Those comments prompted fierce pushback from Biden himself, who in a White House news conference grew visibly angry as he denied not knowing when his son had died. Insisting his memory was fine, he said of Hur’s reference to Beau Biden: “How in the hell dare he raise that?”

Anticipating the explosive nature of the memory claims, the president’s attorneys wrote Hur before the report was released to complain about the inclusion of what they said was "highly prejudicial’ commentary.

“Such comments have no place in a Department of Justice report, particularly one that in the first paragraph announces that no criminal charges are ‘warranted’ and that ‘the evidence does not establish Mr. Biden’s guilt,’” wrote Richard Sauber, special counsel to the president, and Bob Bauer, Biden’s personal lawyer.

As with Comey’s statement on Clinton, the report was delivered not only in an election year but in a bitterly polarized political climate. The FBI closed its investigation in July 2016 but reopened it less than two weeks before Election Day after potential new evidence was discovered. Comey cleared Clinton anew nine days before the election, but in a final jolt blamed by Democrats for contributing to her loss.

Though this year’s election is nine months away, discussion of Biden’s memory cuts to the core of deep−seated voter concerns about his age approaching the November contest.

“The prosecutor would absolutely be aware of the context in which he is publicizing these types of gratuitous and unnecessary remarks,” said former Justice Department prosecutor Christopher Mattei. “And just looking at the reaction that they’ve gotten, it’s quite clear, and totally predictable, that these types of remarks would have political ramifications, even during a primary season.”

Hur’s selection as special counsel in January 2023 was clearly meant to show a nonpartisan approach by Attorney General Merrick Garland. Hur had held senior leadership roles in the Trump Justice Department, both in Washington and as U.S. attorney for Maryland, and as a younger lawyer he clerked for William Rehnquist, the conservative Supreme Court chief justice.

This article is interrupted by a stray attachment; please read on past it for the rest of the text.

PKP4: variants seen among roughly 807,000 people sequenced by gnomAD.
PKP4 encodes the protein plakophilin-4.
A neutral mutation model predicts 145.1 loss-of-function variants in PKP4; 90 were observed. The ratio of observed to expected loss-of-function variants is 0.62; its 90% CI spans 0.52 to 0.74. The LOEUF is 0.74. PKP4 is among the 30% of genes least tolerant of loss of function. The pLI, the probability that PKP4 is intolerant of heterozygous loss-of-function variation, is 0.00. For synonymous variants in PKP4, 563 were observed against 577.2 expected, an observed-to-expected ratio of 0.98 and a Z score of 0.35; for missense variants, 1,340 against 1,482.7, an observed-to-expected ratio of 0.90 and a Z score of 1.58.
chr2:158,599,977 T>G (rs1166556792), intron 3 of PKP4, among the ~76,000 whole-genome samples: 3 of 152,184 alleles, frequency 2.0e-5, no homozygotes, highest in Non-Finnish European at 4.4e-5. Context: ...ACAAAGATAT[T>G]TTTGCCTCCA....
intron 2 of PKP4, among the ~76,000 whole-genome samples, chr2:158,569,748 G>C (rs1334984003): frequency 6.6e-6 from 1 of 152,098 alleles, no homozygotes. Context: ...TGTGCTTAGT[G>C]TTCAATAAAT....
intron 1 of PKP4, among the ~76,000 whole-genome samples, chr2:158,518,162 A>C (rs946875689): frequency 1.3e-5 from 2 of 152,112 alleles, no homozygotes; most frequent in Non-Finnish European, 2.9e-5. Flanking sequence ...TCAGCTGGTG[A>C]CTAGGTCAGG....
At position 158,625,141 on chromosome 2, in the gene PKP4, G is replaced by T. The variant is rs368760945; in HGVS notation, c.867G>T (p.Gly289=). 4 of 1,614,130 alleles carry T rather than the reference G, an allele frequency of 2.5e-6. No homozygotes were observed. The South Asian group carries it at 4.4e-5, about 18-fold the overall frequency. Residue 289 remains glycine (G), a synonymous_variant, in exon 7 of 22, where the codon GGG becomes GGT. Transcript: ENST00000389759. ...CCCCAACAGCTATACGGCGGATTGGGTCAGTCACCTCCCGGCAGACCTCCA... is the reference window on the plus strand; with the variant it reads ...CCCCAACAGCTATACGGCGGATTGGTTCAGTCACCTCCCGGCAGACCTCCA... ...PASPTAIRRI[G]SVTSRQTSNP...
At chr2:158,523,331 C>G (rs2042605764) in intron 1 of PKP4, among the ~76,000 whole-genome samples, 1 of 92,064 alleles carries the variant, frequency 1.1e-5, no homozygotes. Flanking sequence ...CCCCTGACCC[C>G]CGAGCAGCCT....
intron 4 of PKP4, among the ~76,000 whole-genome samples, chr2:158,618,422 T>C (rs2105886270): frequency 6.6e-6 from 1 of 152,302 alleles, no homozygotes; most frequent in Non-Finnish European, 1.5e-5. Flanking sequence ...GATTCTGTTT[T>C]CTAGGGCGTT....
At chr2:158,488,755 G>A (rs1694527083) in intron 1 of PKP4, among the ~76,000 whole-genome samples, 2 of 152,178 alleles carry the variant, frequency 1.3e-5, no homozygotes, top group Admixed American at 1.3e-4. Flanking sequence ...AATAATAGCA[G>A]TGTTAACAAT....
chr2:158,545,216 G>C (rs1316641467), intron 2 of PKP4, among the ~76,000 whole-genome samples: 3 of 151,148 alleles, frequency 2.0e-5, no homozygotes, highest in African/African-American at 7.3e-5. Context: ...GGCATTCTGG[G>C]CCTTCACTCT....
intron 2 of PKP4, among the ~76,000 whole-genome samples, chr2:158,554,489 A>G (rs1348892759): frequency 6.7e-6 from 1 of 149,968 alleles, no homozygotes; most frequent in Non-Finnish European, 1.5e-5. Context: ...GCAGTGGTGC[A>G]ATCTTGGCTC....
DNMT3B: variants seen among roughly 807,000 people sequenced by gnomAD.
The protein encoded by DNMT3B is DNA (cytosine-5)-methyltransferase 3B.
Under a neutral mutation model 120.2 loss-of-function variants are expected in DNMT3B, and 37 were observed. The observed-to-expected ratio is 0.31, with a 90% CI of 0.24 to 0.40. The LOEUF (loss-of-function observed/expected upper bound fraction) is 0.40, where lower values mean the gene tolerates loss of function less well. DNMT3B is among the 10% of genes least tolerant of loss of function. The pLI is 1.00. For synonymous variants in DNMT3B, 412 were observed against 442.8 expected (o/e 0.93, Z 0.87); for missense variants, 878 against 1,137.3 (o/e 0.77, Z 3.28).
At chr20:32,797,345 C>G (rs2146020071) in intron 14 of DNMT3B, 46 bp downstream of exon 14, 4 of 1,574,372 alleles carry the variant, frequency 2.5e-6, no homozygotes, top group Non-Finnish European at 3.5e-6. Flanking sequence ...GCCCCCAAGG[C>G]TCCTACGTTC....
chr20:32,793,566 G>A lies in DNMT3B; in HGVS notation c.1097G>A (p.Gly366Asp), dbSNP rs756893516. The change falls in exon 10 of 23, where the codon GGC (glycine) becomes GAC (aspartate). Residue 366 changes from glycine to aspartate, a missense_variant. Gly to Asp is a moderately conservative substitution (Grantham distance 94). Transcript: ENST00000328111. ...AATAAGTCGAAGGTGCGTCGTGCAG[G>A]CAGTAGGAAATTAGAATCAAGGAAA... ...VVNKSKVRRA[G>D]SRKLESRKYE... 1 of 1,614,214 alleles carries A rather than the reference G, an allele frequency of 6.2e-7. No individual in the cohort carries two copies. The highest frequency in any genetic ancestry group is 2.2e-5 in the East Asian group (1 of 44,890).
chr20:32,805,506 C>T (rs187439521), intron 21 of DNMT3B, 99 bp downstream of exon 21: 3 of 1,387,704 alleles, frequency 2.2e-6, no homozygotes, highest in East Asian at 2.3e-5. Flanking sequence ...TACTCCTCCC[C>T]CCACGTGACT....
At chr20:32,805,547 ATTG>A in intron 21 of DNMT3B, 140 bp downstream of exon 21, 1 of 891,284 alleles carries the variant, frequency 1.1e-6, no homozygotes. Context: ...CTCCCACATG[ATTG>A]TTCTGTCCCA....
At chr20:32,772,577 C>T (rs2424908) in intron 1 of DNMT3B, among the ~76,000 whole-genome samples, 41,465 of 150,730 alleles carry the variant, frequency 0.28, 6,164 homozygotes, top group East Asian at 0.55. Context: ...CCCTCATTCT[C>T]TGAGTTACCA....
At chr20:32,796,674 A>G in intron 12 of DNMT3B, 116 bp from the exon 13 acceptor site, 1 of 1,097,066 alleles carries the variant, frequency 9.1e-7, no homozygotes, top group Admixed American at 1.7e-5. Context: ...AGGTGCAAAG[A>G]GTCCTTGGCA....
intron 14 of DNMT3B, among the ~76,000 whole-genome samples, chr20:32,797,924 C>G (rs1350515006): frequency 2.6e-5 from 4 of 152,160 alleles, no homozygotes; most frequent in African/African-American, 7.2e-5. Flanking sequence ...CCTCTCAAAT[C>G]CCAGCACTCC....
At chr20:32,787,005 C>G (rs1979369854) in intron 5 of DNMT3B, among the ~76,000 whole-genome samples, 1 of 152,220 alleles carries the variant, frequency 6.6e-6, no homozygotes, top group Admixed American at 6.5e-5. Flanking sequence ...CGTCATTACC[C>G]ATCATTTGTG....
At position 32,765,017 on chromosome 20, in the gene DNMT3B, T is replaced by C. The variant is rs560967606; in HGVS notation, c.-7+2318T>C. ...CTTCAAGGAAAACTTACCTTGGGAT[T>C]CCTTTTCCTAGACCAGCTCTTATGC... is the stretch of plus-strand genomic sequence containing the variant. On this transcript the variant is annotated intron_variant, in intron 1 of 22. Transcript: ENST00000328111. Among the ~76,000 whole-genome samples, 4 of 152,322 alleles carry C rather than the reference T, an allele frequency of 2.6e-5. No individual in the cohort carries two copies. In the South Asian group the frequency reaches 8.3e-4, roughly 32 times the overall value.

Garland, meanwhile, has worked assiduously for the last three years to combat Republican claims of a politicized Justice Department by repeatedly taking steps designed to prove that he is not catering to the interests of Biden or his family. That includes the appointment of a different special counsel to investigate Biden’s son, Hunter, who is now facing federal tax and gun charges in two states.

Yet once the report was released, Democrats and some former Justice Department officials appeared taken aback by the report’s findings. Some openly criticized the Hur appointment itself, seizing on his service in the Trump administration to try to undermine his findings.

Spokespeople for Hur and Garland did not immediately respond to a message seeking comment.

To be sure, like Comey, Hur’s job was never going to be easy — especially not when a different special counsel, Jack Smith, already charged Trump with hoarding classified documents at his Mar−a−Lago estate. It fell to Hur to illuminate the differences in the fact patterns and legal analyses that led to one 2024 candidate facing charges and the other not.

“I think part of the drama that’s associated with this right in the moment is the circumstances that we find ourselves in: Biden had classified documents, Trump had classified documents, Trump got charged. There was no way the special prosecutor here was going to satisfy everybody," said Eric Gibson, a former Justice Department public corruption prosecutor.

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Richer reported from Boston.

Eric Tucker And Alanna Durkin Richer, The Associated Press

Photo: AP